Cars like the 2019 Subaru BRZ haven’t got much longer on this planet by the looks of things. Most people want self-driving electric transportation devices that are as safe as a nuclear bunker and as much fun to play with as a bag of wet newspapers.
That’s a real shame because those folks are missing out on just how entertaining the act of driving can be.
The aging Subaru BRZ is no less fun now than when it was first released more than six years ago, and given how rare pure, affordable sports cars are these days, driving the BRZ feels as exciting and fresh as ever.
It’s easy to jump on the bandwagon and shake a fist in the air screaming for more power from Subaru’s 2.0-litre horizontally opposed (Boxer) engine; hell, I’ve done it myself many times before.
Horsepower is pegged at 205, and torque at 156 lb-ft. To give some perspective to those numbers, a run-of-the-mill Honda Civic Hatchback has 21 lb-ft more torque, delivered at 4,500 fewer revs. The sportier Civic Si has more torque and matches the BRZ’s horsepower. And the slightly cheaper Nissan 370Z offers up 127 more ponies and 114 more torques from its V6.
But at less than 1,300 kg, the BRZ is nearly a flyweight, meaning that it can do a decent amount with relatively little power. The engine needs revs to eke out whatever it can; and pulling away from a stop light, grandparents in a Malibu will have the little sports car eating their dust without even realizing it. The BRZ is not meant to be a drag racer.
Out in the countryside, winding the little four-cylinder engine out makes for a more engaging driving experience, and moves the little car along smartly, even if the engine note is more coarse than racy.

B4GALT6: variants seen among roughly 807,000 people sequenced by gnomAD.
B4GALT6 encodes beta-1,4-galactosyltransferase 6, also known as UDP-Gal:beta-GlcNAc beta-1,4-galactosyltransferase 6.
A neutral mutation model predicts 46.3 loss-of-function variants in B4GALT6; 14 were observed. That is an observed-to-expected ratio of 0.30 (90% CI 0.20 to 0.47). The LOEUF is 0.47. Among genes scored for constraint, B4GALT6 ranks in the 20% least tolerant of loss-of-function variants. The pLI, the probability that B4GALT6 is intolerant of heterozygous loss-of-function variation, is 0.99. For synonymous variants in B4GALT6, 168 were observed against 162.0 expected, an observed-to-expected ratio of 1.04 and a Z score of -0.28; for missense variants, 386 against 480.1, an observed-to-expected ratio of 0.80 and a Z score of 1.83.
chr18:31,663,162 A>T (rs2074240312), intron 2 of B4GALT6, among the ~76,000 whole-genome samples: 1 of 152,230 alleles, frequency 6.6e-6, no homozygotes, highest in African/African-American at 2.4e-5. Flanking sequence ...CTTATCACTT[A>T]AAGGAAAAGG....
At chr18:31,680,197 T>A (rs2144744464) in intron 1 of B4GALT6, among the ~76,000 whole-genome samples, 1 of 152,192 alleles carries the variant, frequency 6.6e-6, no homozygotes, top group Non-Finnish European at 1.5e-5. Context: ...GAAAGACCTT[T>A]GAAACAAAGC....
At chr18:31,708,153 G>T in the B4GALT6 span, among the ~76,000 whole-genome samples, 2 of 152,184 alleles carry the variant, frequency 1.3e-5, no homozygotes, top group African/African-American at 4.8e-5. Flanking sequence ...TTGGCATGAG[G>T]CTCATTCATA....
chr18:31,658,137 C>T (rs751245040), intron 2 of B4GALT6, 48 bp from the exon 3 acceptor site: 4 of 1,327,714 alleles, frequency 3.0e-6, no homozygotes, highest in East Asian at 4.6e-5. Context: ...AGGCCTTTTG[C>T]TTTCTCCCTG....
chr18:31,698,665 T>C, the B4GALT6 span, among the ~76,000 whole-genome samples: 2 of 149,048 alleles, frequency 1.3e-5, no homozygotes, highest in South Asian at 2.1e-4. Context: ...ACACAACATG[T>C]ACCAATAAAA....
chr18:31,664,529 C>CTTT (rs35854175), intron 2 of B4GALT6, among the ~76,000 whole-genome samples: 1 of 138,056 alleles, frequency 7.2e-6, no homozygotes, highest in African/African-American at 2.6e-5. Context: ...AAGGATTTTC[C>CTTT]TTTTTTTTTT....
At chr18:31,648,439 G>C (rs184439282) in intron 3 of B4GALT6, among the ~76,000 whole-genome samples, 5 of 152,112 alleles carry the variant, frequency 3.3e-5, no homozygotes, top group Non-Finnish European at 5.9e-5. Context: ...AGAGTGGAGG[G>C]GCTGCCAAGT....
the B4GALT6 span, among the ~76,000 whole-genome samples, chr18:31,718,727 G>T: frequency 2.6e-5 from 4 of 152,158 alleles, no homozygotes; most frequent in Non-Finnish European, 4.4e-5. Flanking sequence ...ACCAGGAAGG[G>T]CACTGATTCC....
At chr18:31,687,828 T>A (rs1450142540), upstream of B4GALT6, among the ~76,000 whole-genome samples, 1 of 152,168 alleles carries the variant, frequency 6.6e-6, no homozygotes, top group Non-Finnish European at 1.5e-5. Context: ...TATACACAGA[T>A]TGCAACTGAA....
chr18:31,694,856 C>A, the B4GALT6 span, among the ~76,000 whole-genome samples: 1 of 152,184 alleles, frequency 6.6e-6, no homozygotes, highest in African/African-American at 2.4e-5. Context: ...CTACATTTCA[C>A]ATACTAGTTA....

The skinny 215-width rear tires can be easily overwhelmed, even with the BRZ’s modest power, so there’s still enough for lurid drifts, if one partakes in such hooliganism.
Driving Feel: 9/10
With increasingly oppressive traffic and speed laws across much of the country, having a small, lightweight car that needs to be revved means it feels more fun, with the happy bonus of a reduced risk of losing one’s licence.
Driving around rural parts of the Niagara region, I relished horsing the BRZ around on the same roads I covet as a motorcyclist. They rise and fall and ebb and flow through farm land and along the edge of the escarpment, and give plenty of opportunity work up the little Subaru into a frenzy.
In that frenzied state, it seems happiest, with wildly quick steering and – despite its electric assist – still plenty of road feel. The BRZ handles really well, transitioning through tight S-bends with minimal body roll and a wide, low, and planted feel.
Want a bit more excitement? Give a bit more throttle and it’s easy to cut the rear end loose.
The Raiu Edition (and BRZ Sport-Tech RS) have larger (326 mm) front brakes, clamped by Brembo-branded calipers. The rears, at 316 mm, are also larger than the lower trim models. Stopping happens in short order with great initial bite and an easy-to-modulate pedal.